Wednesday, July 6, 2016

For those who can't "suck it up"



Ahh, "suck it up."  Words usually spoken by people who appear to have more intestinal fortitude than you do in hard situations.  A phrase uttered typically to make the person saying it feel morally superior.  Words that imply "I don't care if you don't like it, do it."  These words have been spoken to us for generations.  Whether its to a child who has fallen learning to ride a bike.  To a person who has a boss that is Satan's incarnate.  To a person who someone perceives isn't doing their fair share.  To the person who talks about being depressed asking for a little slack in life.

But what about those of us who emotionally and sometimes physically aren't able to "suck it up?"

Picture it, Sicily, 1922.  Oops, wrong time.

Picture it, 1998.  After weight loss of about 70 lbs in a relatively quick time, my gall bladder starts to shut down.  My symptoms are severe nausea to the point of almost vomiting and I will bargain with God for 10 hours on a toilet with tears streaming down my face before I'll hurl.  It takes them 6 months and about 8 tests including 2 dye injections, an endoscopy, ultrasounds and MRI's to diagnose it.  By the time it is diagnosed, I have begun questioning my own sanity because I know there is something wrong with my body but 5 doctors tell me otherwise.  A neurologist says there is nothing wrong with me and I am "hysterical."  I'm sorry, isn't that what they diagnosed women with back in Victorian ages and then prescribed vibrator therapy??   The last thing I need is a dildo, pal.  It's not until the final dye injection that my gall bladder is caught shutting down.  By that time, the damage had been done to my already fragile psyche.  I was always an anxious kid...that'll happen when you change schools every year for most of your elementary years.  Add being fat to boot and you can imagine people were lining up to be friends with me.  I had to become charismatic to attract friends and just when I'd make them, we'd move again.  So you take that history, add in insecurity from male figures who constantly disappointed me and then have 5 male doctors all tell me that it's all in my head and nothing physically wrong and something in me broke.  Literally.

Thank God one of those men was a forward thinking GI doctor who caught the gall bladder issue by re-running a dye test without permission through the proper channels.  I got my gall bladder removed, all should return to normal.  It didn't.  For months I still felt that way and it was chalked up to my body adjusting.  After 2 months and an exam to make sure he hadn't missed anything, I got a pamphlet on functional nausea and vomiting.  Basically it means that there is nothing like a tumor or disease per say causing that sensation/reaction but that your body reacts to things like stress differently.  Some idiot doctors would call it a diagnosis that is made so the patient can finally have a name for it.  I was lucky enough to have a progressive doctor, especially at that time, who said this is NOT a psychological disease but a physiological one where the brain signals to the gut get misinterpreted leading to the vomiting/nausea.  Since stress was my main contributor, I was prescribed a super low dose of a tricyclic antidepressant (15mg compared to the minimum 150mg you'd take if it were being prescribed for depression.) to haze the brain's message to the gut.  I was also taught breathing techniques to help more quickly bring me down from an attack.  It took a few years but I was able to wean myself off of the meds because I don't like taking anything like that especially now given their potential link to Alzheimers.

The problem was, my body adapted.  So when I would feel that bile rise or gross feeling coming on, I could breathe my way out of it for anywhere from a few minutes to hours.  Then my body decided "wouldn't getting dizzy be more fun?"  Yes, I love the Tilt a Whirl!  *sarcasm*  So now when I would get stressed, the room would spin and I couldn't even walk.  After a few months, that evened out.  I thought I was over it.  Nope, now my body decided "hey, wanna try panic attacks?  Not the kind that everyone throws around like it's a chic way of describing they are overwhelmed but the REAL kind where you can't take a full breath, your chest gets heavy to the point you feel you are having a heart attack, your teeth chatter and you literally feel that any moment you will die.  Won't that be fun??" Once again, breathing techniques helped me get through them and though my body would adapt each time, it would also act like a rolodex (link for the millenials) remembering each and every symptom to pull out at a later date.  It would let me get to normal for just long enough before whipping a symptom at me to deal with for hours, days or if I was seeing the in-laws I knew hated me, weeks at a time.   Obviously migraines are par for the course on occasion as well but I don't think that had anything to do with this disease necessarily but still a symptom of extreme stress.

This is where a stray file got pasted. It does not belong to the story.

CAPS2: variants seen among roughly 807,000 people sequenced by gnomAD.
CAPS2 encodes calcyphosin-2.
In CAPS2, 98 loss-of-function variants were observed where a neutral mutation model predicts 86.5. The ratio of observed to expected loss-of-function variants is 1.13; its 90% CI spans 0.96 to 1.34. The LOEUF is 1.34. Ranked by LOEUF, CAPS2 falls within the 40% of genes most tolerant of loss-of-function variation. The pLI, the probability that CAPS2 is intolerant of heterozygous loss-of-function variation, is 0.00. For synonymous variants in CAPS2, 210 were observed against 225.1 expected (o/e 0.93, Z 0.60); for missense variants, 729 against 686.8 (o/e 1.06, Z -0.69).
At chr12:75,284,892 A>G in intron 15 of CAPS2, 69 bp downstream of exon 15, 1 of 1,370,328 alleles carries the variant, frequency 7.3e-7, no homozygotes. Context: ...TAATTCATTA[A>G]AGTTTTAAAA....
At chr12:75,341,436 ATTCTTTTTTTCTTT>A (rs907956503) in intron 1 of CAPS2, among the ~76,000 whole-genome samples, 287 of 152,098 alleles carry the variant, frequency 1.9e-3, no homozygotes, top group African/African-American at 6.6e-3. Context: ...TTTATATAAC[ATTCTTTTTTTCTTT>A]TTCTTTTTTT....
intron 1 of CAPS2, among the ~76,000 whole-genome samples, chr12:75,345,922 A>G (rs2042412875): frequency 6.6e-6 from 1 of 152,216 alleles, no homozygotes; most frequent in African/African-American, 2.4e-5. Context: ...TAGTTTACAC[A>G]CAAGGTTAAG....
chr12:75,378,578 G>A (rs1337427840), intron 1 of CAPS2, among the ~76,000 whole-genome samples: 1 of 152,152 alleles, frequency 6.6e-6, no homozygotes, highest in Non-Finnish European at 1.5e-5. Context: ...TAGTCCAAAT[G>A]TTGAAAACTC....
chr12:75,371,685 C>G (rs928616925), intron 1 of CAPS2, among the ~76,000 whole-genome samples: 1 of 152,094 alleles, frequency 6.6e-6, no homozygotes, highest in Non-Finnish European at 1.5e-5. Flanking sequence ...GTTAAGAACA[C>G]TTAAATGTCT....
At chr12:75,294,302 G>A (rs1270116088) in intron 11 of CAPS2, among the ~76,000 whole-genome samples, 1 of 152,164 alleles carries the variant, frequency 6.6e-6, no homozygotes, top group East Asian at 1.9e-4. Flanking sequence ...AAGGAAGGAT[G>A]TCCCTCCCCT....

When I was going through this and finally got diagnosed, my grandma asked me what was going on.  She knew I still wasn't feeling better even months after my surgery.  I told her what it was and I said I know it sounded fake but I told her about the paperwork the doctor gave me and all of that.  I explained to her that I was told that not only when bad stress took place would my body react but the doc explained the body doesn't know how to distinguish good stress from bad so I could be excited about seeing a friend or going on vacation and suddenly...*ralph* with no warning.  Yeah, isn't that a kick in the ass?  She took it very seriously.  She could see as I teared up when telling her that it was something I was struggling to deal with and affected my quality of life.  It was around this time as I struggled to come to grips with my new reality that the doctor said I needed to cut ALL unnecessary stress from my life.  I told grandma that I had to tell my mom that I could no longer rehash the crap that certain family members churned out.  They made their decisions and while I still didn't agree with them, 15 years of talking about them behind their backs have not changed their behavior and for my own health I needed to not be notified of these things.  It took a few calls and a few firm reminders that I was being serious for it to sink in.  Sometimes I think she forgets the reason I asked her not to get into that stuff with me.  Actually, I'm 99% sure she doesn't remember it is because of my disease that I can't get into it with her.  I told Grandma I was afraid mom would be mad at me and I was afraid she would be too because I know she's close with these people and she loves them but I just couldn't take it anymore.  She hugged me and said she understood and not to worry about it.  My health came first.